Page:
Conservation psychology encourages preservation of natural world
By FRANK CARINI/ecoRI News staff
KINGSTON, R.I. — Amy Cabaniss’ smile brightens the dulled space, and her infectious laugh echoes in the near-empty Mallon Outreach Center on East Alumni Avenue. Her University of Rhode Island co-workers are out in the field or in a classroom on this early-December Thursday morning as Cabaniss passionately speaks with a reporter about how to motivate environmentally responsible behavior.
Cabaniss topped off her still-going-strong 30-year career in environmental education last May with a Ph.D. in environmental studies. Around the same time she presented her dissertation, “Message Matters: Application of the Theory of Planned Behavior to Increase Household Hazardous Waste Program Participation,” the lifelong Connecticut resident was being hired as the youth STEM (Science, Technology, Engineering and Math) coordinator for the Outreach Center.
While her three-decade career includes classroom- and field-based programs, outreach to children and adults, curriculum development and educator training, Cabaniss is currently focused on conservation psychology — the scientific study of the relationships between humans and the rest of nature, to encourage conservation of the natural world.
The former assistant director of the Goodwin-Niering Center for the Environment at Connecticut College says the best ways to build awareness of environmental issues and break down barriers are quite simple: make the path to desired behaviors, such as increased recycling and reduced energy use, clear, convenient and easy; and, more importantly, talk to people.
“For the most part, people want to do what other people are doing and what they ought to do,” says Cabaniss, the former recycling coordinator for the Connecticut River Estuary Regional Planning Agency. “Sometimes it just takes a quick explanation. Other times it means better connecting the pieces that are already in place. For example, we have well-established recycling programs in place, but we often don’t make them convenient — trash cans with no recycling bins anywhere around.”
Cabaniss believes the environmental movement has made great progress since the 1960s, thanks in large part to Rachel Carson and her book “Silent Spring.” To continue the march of environmental awareness, the longtime educator says society needs to do a better job teaching and showing students their connection to the natural world.
“We need to introduce our students to the environment and support teachers in this endeavor,” says Cabaniss, who teaches environmental studies at Mitchell College in New London, Conn. “We need to build an environmentally literate society.”
ecoRI News recently asked the married mother of one a few questions about how we can build a more environmentally aware society:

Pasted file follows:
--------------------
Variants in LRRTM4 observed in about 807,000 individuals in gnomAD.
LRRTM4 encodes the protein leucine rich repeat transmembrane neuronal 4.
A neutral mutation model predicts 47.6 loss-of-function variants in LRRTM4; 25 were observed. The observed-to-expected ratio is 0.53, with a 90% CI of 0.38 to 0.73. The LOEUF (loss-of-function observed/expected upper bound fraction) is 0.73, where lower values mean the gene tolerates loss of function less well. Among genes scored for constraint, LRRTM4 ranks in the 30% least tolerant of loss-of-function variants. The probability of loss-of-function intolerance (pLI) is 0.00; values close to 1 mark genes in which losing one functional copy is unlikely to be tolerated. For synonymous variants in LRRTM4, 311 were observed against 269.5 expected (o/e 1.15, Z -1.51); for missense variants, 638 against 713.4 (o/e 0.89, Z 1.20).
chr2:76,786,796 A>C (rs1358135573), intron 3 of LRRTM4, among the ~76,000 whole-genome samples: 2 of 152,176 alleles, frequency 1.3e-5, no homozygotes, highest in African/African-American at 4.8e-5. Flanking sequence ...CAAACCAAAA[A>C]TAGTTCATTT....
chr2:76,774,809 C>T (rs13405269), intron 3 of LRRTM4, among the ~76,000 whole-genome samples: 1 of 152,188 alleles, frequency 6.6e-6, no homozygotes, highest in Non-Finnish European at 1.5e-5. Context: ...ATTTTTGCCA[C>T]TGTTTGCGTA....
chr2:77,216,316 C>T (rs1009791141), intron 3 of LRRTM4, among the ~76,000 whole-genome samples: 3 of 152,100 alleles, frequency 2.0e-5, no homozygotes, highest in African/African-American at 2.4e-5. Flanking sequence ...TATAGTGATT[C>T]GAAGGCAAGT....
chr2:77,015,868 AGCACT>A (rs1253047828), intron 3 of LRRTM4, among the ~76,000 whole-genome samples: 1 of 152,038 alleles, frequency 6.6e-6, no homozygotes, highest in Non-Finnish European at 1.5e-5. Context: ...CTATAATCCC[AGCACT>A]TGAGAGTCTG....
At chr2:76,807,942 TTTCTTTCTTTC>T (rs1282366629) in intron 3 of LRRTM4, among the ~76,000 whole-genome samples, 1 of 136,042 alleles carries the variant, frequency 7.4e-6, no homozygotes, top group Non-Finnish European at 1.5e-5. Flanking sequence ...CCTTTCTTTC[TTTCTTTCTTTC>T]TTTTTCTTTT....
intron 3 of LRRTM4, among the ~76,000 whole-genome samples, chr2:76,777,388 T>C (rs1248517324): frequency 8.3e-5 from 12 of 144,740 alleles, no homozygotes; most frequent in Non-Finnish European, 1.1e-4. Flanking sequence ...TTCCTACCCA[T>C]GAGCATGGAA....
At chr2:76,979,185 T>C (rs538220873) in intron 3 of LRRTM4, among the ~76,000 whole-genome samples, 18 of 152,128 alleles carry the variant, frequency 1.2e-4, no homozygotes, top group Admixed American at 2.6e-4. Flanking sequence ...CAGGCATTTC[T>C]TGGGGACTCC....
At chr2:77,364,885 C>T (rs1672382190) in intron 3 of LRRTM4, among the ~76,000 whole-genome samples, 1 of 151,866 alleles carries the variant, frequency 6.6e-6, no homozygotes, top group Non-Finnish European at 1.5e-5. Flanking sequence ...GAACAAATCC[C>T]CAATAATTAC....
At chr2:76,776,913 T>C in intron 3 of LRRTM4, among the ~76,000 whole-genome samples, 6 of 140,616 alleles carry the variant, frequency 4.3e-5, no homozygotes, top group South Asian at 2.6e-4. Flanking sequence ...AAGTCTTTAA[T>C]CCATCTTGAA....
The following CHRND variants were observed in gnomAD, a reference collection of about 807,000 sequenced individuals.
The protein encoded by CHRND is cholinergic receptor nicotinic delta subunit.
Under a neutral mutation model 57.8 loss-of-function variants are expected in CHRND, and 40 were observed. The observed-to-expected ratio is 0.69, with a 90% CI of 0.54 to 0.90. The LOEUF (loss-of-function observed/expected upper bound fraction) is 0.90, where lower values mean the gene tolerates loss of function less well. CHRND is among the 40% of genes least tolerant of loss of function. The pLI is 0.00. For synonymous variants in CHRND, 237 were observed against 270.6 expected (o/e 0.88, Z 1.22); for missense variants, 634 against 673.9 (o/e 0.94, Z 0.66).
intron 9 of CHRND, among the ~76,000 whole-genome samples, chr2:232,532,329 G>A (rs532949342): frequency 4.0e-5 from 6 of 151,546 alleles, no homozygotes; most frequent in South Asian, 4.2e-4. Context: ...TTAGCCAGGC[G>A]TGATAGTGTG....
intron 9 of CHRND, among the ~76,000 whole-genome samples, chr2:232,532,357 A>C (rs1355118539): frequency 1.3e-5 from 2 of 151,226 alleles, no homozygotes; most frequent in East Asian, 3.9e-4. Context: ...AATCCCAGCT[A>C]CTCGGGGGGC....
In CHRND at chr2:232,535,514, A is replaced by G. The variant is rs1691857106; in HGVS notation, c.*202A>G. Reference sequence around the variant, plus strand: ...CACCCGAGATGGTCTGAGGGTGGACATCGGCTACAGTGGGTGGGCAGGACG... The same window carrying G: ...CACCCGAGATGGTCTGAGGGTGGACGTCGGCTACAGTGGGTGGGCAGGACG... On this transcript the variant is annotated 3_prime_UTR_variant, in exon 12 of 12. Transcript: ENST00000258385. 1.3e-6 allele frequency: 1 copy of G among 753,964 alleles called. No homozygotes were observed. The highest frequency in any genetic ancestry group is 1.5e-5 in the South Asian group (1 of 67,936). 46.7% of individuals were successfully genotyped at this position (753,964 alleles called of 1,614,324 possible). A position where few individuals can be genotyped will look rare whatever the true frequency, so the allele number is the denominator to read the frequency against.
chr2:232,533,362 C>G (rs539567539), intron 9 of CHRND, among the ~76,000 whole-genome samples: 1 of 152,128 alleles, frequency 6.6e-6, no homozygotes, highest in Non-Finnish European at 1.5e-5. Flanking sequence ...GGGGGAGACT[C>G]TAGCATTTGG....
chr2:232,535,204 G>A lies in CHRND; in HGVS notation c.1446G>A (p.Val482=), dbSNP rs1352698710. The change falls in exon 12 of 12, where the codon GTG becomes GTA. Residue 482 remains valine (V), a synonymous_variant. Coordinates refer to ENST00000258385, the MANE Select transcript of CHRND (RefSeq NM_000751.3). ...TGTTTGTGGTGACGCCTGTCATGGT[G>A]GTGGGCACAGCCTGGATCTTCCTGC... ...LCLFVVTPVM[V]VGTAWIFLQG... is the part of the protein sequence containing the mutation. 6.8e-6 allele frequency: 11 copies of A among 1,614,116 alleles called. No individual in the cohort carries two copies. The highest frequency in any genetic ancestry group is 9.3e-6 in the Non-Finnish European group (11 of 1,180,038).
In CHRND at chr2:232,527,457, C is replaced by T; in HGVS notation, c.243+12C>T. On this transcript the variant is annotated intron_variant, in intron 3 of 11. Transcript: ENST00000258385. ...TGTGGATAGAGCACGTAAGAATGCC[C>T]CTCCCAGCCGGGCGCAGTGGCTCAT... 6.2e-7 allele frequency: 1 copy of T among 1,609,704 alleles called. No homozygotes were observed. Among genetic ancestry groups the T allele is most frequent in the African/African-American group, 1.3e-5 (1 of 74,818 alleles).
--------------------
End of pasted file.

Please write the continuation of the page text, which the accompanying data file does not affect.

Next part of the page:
How important is it for us to introduce younger generations to environmental education?
I believe it’s critical. With the many environmental problems we currently face, and will in the future, it’s important to develop an environmentally literate society. I’ve realized, through my work as an environmental educator and research in conservation psychology, that it’s very important to foster an environmental awareness and sensitivity in young children. Significant life experiences in nature, especially at an early age, can have lasting effects, such as developing positive environmental attitudes and actions to protect the environment.
How do we advance environmental issues in this day and age?
Through educational initiatives, societal engagement, individual efforts, business leadership, technological advances — every avenue possible given it’s so important for the health and well-being of our world (both humans and non-humans).
Is society going a good enough job teaching/promoting environmental awareness?
Certainly there’s a greater awareness and attention to environmental issues in society today. Many people understand that the environment is not separate from us and they’ve made the connection to personal health. This is evidenced by a market rise in local foods and natural products, the elimination of BPA from plastic bottles and the dangers associated with secondhand smoke. Recycling and household hazardous waste collections are now prevalent. There’s a vast number of hybrid vehicles on the roads. Business leaders have recognized the importance of environmental stewardship and good citizenry by creating sustainability coordinator positions at colleges and universities, implementing corporate social responsibility initiatives and leading with product stewardship, such as rechargeable battery and electronics take-back programs.
I’m less of a cheerleader though when you ask if it’s good enough. There’s so much more that needs to be done to foster environmentally responsible behavior. Some ways to do this are by continuing to provide science-based evidence to the public on environmental issues; to provide college students who will be our future teachers with information and skills to engage children in environmental investigations; work on better reaching underserved populations. We’ve learned over time that so many factors come into play with regard to environmentally responsible behavior. Research has shown that that having the knowledge and positive attitudes toward the environment aren’t enough — there’s more to the picture such as external and internal barriers to behavior. These need to be addressed.